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Report Number CENSR-3
John Iceland and Daniel H. Weinberg with Erika Steinmetz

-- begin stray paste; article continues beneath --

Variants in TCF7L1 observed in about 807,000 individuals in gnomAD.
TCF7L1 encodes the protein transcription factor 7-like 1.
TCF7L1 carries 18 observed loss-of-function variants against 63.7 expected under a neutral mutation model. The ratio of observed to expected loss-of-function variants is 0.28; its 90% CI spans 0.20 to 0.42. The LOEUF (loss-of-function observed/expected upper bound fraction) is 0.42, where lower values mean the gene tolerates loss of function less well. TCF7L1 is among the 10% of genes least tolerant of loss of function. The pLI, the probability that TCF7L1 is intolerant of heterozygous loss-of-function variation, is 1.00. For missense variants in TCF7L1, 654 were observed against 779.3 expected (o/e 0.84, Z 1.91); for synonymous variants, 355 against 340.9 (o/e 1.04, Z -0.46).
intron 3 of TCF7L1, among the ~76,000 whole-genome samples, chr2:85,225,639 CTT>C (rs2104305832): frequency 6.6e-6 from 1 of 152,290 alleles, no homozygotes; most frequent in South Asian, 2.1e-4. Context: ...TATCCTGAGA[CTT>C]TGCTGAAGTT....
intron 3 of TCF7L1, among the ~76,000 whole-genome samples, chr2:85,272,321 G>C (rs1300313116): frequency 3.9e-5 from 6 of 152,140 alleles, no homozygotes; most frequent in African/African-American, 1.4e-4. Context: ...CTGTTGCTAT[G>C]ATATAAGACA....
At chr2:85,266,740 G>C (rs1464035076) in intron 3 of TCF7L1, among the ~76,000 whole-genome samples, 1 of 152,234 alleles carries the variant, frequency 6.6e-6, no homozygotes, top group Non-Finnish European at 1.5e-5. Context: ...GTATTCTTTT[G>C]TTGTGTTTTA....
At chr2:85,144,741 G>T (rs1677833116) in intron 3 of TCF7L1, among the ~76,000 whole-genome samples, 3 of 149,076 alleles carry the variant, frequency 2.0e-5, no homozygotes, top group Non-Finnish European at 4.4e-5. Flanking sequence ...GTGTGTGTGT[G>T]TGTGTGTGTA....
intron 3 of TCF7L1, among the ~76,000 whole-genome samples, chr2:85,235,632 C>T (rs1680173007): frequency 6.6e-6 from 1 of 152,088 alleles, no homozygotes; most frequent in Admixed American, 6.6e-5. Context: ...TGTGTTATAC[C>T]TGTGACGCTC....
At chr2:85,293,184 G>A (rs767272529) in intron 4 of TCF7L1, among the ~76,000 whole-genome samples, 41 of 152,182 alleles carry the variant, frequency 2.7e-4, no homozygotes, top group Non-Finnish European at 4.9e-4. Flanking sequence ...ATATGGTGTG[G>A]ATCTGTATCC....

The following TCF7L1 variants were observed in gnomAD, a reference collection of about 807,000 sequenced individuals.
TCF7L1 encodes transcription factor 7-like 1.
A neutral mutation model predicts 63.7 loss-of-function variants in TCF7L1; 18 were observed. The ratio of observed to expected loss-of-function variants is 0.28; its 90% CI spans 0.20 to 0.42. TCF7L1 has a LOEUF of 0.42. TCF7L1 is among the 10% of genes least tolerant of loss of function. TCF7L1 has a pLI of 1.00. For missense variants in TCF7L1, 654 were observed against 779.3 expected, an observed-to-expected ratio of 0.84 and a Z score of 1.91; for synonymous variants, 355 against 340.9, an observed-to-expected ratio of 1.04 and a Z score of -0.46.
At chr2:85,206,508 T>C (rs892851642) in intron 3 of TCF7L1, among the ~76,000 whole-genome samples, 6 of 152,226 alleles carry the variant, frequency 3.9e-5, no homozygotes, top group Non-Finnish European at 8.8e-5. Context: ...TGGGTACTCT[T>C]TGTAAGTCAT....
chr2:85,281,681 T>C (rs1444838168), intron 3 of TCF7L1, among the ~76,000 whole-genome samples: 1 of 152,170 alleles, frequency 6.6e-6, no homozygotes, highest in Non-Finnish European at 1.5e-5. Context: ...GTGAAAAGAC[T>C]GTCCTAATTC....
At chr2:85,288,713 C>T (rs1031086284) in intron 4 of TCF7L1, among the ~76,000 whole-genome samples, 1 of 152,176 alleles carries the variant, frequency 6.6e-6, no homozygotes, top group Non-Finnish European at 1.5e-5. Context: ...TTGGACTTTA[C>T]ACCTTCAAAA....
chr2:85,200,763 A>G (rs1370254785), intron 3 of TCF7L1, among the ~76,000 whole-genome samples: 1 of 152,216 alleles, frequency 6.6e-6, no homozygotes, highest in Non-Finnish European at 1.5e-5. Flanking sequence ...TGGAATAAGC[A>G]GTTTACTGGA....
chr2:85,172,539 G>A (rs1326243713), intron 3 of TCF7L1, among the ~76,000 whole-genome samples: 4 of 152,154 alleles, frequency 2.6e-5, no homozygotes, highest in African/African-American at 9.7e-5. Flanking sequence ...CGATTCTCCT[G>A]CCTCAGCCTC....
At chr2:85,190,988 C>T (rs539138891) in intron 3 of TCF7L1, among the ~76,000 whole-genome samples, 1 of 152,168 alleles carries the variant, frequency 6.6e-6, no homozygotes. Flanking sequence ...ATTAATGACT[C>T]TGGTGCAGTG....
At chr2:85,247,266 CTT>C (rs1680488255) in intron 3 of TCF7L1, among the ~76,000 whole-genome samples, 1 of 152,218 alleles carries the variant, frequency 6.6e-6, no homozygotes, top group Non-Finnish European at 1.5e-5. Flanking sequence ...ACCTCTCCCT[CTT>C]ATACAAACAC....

Data recently released from Census 2000 provide an opportunity to examine the extent of changes in racial and ethnic resi- dential segregation in the last 2 decades of the 20th century. Segregation can result from, among other factors, voluntary choices people make about where they want to live or from the invol- untary restriction of choices, such as through discrimination in the housing market, or from a lack of information about residential opportunities. This study does not attempt to identify the causes of racial and ethnic residential segre- gation (or simply “segregation”), nor do we argue that segregation is a more serious problem in one area than another. This report sim- ply describes the extent of, and changes in, segregation over the 1980 to 2000 period. Because seg- regation is much more of an issue in urban environments, we focused on segregation patterns in metro- politan areas across the United States.

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